For me the book was interesting in multiple dimensions. First of all, I didn’t really know much about the Chrysler saga until I read the book, so it was just good from a general knowledge perspective. Secondly, there’s something humbling in the way Iacocca tells his story. I mean here’s this guy who was basically the top man at two of the biggest auto makers in the US for long periods of time. He was even rumored to be contesting for Presidency at one point! But the way he talks about his experiences and his pain and his struggles and his anger (he makes no effort to hide the fact that he hated Henry Ford Jr. for what he did for him), it comes across as a very honest and down-to-earth effort and I really appreciate that.

Of course there are always two sides to a story, and perhaps there’s Henry Ford’s side to this story as well. But I think the book remains a good read nonetheless.

Sidhhartha

Siddhartha

Rating: 4 out of 5

Author: Hermann Hesse

Year: 1981

Publisher: Bantam Classics

ISBN: 0553208845


The best thing about Siddhartha is that its a very small book — I’m not sure I would have been able to digest a much longer book of similar “density”. There are lot of ideas packed into the 150 or so pages. Herman Hesse is a Nobel Laureate in Literature, so naturally my expectations going into the book were high. But what really intrigued me about the book was that two of my friends who had read the book highly recommended it saying that “it evoked emotions that they could not put down in words”.

True enough. Siddhartha is a book about a young Brahmin’s life, as he tries to find enlightenment. Its a book about life and the many questions that all of us keep thinking about but never dare to ask ourselves. What is the purpose of our lives? What is true happiness? How does one find peace — complete and final, devoid of any desires or attachments. And so on.

Needless to add, the book can be a little disillusionary. And perhaps inspiring, depending on your point of view. But no matter what your stand is, it certainly is thought provoking. Different people may take away different things from the book. Personally, the book just reinforced my belief that spiritual growth is a very personal concept. It can not be taught — no one can teach you to be free. Someone else’s “teachings” may help you get there, but eventually we have to find the way ourselves, convince ourselves, believe ourselves. Furthermore, no one person’s teachings will ever be perfect or complete or be “the” solution — each one of us has to find our own paths.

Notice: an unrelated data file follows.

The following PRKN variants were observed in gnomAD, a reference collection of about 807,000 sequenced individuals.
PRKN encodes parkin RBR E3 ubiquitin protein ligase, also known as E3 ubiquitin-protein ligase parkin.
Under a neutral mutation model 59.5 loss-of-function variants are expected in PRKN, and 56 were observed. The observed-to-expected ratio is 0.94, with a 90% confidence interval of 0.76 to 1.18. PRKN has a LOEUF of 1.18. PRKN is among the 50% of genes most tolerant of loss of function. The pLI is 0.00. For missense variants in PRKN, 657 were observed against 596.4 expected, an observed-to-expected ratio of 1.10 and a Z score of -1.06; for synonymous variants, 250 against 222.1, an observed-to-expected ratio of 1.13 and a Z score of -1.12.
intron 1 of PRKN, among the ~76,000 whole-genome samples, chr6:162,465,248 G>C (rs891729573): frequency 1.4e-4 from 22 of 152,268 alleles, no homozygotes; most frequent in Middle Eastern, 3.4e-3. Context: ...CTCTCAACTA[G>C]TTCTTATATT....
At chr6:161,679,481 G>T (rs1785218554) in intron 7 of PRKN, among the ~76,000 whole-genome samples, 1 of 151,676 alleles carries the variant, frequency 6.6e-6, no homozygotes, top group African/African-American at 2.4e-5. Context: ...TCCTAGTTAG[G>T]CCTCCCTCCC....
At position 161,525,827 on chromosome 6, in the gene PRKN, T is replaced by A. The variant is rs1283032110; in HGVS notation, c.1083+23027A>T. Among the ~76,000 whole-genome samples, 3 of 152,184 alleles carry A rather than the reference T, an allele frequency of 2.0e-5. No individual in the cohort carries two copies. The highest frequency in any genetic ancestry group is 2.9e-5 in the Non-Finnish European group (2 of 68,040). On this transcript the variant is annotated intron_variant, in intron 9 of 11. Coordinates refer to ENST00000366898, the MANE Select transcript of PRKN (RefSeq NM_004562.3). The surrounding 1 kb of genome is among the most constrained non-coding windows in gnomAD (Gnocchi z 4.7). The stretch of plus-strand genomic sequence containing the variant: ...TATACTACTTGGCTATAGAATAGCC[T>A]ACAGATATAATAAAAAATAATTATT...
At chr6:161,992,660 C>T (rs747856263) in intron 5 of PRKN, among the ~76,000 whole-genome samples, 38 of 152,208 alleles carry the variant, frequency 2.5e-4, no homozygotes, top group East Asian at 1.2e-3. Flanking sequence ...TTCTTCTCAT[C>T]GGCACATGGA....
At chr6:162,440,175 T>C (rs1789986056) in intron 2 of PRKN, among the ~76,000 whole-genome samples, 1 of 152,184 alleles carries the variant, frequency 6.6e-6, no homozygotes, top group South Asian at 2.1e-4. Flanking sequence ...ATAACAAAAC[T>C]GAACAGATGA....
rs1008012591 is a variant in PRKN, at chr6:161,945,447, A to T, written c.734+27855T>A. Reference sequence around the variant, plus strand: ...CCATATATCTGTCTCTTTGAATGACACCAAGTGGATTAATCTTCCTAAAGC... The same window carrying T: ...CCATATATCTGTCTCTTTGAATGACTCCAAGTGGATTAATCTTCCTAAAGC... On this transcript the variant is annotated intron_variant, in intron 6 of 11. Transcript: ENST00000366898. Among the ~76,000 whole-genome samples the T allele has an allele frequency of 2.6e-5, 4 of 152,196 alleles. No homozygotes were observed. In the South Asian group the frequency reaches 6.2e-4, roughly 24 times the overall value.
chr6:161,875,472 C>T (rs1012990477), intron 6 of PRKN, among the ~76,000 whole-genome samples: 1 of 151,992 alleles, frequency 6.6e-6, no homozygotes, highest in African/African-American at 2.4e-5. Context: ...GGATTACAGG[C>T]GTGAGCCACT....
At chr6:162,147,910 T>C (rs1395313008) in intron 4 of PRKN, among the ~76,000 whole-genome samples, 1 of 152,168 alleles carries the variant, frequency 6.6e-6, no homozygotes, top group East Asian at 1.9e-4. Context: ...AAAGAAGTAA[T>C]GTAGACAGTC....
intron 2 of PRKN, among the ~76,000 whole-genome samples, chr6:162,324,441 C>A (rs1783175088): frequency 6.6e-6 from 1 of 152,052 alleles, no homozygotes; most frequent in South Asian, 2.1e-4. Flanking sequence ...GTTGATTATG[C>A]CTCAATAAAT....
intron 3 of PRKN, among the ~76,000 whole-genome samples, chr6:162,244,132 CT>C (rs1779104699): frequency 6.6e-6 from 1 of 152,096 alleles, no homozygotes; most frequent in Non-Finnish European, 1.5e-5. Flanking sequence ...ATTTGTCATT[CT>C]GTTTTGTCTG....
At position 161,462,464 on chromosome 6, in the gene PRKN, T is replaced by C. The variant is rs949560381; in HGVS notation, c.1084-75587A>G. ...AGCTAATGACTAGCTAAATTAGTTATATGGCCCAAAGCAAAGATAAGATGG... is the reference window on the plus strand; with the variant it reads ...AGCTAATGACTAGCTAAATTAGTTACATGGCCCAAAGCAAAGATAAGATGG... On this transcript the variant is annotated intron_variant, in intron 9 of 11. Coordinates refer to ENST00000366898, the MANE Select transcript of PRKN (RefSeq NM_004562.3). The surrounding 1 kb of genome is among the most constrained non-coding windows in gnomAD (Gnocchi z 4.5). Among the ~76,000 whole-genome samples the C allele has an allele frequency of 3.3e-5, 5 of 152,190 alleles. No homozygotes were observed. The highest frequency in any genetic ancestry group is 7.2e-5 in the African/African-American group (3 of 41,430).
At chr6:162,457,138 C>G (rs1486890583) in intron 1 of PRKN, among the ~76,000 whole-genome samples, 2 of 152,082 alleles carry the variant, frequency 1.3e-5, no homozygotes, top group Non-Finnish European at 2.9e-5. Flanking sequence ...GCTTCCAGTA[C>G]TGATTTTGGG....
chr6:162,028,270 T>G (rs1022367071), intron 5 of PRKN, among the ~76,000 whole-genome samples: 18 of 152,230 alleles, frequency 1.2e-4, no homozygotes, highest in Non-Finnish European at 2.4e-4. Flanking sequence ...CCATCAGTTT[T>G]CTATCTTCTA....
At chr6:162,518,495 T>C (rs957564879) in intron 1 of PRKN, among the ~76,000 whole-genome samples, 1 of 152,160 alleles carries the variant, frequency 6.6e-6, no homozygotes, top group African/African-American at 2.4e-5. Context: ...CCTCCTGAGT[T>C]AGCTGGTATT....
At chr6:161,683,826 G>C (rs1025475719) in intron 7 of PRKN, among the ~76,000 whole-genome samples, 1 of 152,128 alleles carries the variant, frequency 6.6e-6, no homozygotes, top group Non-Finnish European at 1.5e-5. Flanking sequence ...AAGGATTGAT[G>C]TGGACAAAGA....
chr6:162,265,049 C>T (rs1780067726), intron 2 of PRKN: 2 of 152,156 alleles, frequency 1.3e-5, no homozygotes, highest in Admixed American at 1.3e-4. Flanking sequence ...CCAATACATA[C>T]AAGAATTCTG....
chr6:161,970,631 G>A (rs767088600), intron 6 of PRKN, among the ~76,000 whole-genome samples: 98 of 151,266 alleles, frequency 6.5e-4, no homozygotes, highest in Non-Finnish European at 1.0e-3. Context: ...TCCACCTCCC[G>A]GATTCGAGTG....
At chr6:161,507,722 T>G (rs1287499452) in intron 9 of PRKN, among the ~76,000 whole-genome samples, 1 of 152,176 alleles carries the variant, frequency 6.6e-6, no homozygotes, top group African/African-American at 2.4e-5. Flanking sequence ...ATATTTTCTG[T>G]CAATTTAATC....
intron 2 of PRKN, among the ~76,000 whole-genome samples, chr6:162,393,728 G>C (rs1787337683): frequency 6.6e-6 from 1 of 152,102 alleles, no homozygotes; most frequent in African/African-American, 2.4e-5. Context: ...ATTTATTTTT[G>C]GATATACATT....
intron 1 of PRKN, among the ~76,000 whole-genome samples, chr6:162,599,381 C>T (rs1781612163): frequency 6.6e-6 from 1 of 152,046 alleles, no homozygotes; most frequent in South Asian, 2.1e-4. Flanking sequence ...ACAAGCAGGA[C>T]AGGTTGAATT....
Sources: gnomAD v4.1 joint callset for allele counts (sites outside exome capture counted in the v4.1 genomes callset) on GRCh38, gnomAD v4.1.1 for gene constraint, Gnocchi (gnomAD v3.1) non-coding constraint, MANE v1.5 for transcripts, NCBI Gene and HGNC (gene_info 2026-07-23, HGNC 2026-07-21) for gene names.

Highly recommended.

Tipping Point

The Tipping Point: How Little Things Can Make a Big Difference

Rating: 3 out of 5

Author: Malcolm Gladwell

Year: 2002

Publisher: Back Bay Books

ISBN: 0316346624


Much like a lot of other best sellers, I found the Tipping Point to be a little over-rated. Don’t get me wrong. Its a really good book and makes for an easy read. Infact, I think the book proves its point very well because its sales were itself in some sense an epidemic. But I would have enjoyed the book more had it not been surrounded by so much hype.

Anywho, coming back to the book. Tipping Point is a book about how social epidemics spread — be it the sudden popularity of Hush Puppies, the problem of teenage smoking, or the sudden drop in crime rate in New York city in the 90s. Malcolm Gladwell walks the audience through his “theory” on such phenomenon. The basic premise is that there are some underlying factors, some common patterns, some common actors and circumstances in each of these cases which make the epidemic “tip”.